In 1995, Scott Elliott was an ex-actor who had decided to get a PhD in psychology. But he found himself longing for the very thing he had rejected. “It’s something genetic,” says Elliott. “I just ached for the theatre again.” And so, in spite of his disillusionment, he decided to produce and direct Mike Leigh’s Ecstasy in a small basement space on 42nd Street.
While Elliott hadn’t anticipated what it would mean to run his own business, the success of the show heralded the arrival of a promising new Off-Broadway company, and the actor-turned-artistic director suddenly found himself in need of guidance. Serendipitously, he received a cold call from a couple who had seen and loved his production—they not only pledged their financial support, but ongoing guidance and mentorship. It was this early act of generosity, along with Elliott’s own experiences, that essentially wove itself into the fabric of the newly named New Group, a multi-award-winning, artist-driven company that continues to evolve after 23 years.
“[Theatre can be] filled with ambition and lack of compassion in certain ways; I had firsthand experience of that while I was acting,” he says. “I decided that I wanted to create a place where people could feel comfy, be supported financially and compassionately, as well as stretch their muscles in different ways.”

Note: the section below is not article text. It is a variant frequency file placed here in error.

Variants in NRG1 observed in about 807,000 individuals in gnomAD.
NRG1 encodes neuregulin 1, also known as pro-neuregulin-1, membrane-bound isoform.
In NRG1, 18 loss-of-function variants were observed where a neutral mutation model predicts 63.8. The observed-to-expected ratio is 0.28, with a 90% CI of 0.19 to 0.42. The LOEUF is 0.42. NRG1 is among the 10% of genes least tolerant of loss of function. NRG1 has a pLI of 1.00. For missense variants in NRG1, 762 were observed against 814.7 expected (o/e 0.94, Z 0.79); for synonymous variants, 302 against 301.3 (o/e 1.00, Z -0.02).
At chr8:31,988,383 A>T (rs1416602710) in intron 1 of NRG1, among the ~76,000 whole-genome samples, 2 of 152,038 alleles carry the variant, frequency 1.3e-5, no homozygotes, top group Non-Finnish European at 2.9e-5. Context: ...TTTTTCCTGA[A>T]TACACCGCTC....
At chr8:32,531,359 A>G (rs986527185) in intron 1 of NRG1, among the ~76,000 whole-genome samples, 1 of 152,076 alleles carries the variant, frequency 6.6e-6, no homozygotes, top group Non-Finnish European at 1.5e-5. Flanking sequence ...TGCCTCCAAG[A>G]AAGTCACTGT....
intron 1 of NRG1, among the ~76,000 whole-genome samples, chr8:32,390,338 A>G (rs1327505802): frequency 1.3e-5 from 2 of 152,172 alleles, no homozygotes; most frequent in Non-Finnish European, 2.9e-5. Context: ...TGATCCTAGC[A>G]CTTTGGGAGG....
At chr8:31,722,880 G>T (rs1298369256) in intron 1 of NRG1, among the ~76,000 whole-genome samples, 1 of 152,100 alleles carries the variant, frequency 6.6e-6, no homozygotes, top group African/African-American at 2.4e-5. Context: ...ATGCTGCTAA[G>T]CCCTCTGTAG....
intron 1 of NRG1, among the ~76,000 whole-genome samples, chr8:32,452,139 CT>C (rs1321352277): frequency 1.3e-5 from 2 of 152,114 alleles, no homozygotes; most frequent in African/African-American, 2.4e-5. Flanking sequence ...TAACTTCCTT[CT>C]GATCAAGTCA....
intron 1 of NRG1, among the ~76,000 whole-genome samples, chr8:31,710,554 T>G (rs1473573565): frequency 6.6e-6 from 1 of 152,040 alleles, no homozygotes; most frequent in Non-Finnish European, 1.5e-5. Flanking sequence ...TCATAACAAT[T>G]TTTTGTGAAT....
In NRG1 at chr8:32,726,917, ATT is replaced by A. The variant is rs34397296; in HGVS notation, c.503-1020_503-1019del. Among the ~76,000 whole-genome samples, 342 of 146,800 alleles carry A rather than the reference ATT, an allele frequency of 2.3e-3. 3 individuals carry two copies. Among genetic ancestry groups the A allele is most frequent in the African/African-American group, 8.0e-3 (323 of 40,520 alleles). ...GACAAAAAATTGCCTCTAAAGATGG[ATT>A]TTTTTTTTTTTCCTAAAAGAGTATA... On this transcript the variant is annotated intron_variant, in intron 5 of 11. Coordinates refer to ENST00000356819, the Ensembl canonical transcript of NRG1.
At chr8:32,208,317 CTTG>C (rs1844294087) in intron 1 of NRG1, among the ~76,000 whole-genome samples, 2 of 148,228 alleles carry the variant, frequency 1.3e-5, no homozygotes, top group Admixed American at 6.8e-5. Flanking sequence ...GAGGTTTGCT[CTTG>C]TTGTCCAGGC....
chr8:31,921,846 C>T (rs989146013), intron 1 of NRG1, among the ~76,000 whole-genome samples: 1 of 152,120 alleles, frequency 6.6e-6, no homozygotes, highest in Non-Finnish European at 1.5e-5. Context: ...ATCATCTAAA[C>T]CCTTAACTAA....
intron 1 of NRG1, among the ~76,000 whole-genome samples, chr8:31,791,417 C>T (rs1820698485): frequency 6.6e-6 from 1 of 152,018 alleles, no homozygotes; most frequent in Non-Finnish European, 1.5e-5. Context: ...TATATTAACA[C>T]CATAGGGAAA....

Elliott describes The New Group as “our own little cocoon of creativity,” a haven where artists can grow without the pressures of commercial theatre. His vision for the company is ensemble-driven, which has translated into a growing list of “family members” who return time and time again. Among them are David Rabe, Cynthia Nixon, Thomas Bradshaw, Zoe Kazan, Ethan Hawke, and Matthew Broderick.
The idea of the ensemble was one of the reasons Elliott settled on the name The New Group, this notion of a collective—that, and something that would reflect an organization with a contemporary outlook. “I wanted us to always look at the world in front of us and respond to that through the work,” he says. And it turned out to be very fitting. Throughout the years, the organization has garnered a reputation for developing and producing contemporary, adventurous work that reflects the present culture.
Despite its constant evolution and growth, Elliott says that in many ways, The New Group feels the same as it did in the beginning. That could have something to do with the many artists who continue to call it home, or the fact that some of the staff have stayed with the company since its founding. “We’ve all grown up together,” says Elliott. “The scale of it has changed but the heart is the same.”